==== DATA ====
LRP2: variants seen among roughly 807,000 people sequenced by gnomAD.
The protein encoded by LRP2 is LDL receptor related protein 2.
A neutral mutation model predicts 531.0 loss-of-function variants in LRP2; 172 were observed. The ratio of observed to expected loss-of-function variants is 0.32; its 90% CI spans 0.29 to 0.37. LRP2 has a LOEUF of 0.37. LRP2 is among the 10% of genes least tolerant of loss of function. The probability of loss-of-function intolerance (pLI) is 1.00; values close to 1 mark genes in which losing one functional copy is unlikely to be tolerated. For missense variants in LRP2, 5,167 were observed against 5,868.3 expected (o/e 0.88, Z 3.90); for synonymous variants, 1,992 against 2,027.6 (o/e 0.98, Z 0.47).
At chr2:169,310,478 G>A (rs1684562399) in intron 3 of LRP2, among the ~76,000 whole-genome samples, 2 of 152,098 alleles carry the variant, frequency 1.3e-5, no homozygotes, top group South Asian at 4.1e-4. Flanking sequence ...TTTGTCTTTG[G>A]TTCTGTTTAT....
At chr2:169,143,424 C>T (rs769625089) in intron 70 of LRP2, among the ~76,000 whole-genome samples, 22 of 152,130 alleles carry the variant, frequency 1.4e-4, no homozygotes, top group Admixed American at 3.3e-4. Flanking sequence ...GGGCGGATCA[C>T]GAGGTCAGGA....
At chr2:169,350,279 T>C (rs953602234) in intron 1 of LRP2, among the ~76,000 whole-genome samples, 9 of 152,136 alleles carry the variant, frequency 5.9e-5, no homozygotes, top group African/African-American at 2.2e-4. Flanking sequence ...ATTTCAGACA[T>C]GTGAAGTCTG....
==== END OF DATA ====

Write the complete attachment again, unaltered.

LRP2: variants seen among roughly 807,000 people sequenced by gnomAD.
The protein encoded by LRP2 is LDL receptor related protein 2.
A neutral mutation model predicts 531.0 loss-of-function variants in LRP2; 172 were observed. The ratio of observed to expected loss-of-function variants is 0.32; its 90% CI spans 0.29 to 0.37. LRP2 has a LOEUF of 0.37. LRP2 is among the 10% of genes least tolerant of loss of function. The probability of loss-of-function intolerance (pLI) is 1.00; values close to 1 mark genes in which losing one functional copy is unlikely to be tolerated. For missense variants in LRP2, 5,167 were observed against 5,868.3 expected (o/e 0.88, Z 3.90); for synonymous variants, 1,992 against 2,027.6 (o/e 0.98, Z 0.47).
At chr2:169,310,478 G>A (rs1684562399) in intron 3 of LRP2, among the ~76,000 whole-genome samples, 2 of 152,098 alleles carry the variant, frequency 1.3e-5, no homozygotes, top group South Asian at 4.1e-4. Flanking sequence ...TTTGTCTTTG[G>A]TTCTGTTTAT....
At chr2:169,143,424 C>T (rs769625089) in intron 70 of LRP2, among the ~76,000 whole-genome samples, 22 of 152,130 alleles carry the variant, frequency 1.4e-4, no homozygotes, top group Admixed American at 3.3e-4. Flanking sequence ...GGGCGGATCA[C>T]GAGGTCAGGA....
At chr2:169,350,279 T>C (rs953602234) in intron 1 of LRP2, among the ~76,000 whole-genome samples, 9 of 152,136 alleles carry the variant, frequency 5.9e-5, no homozygotes, top group African/African-American at 2.2e-4. Flanking sequence ...ATTTCAGACA[T>C]GTGAAGTCTG....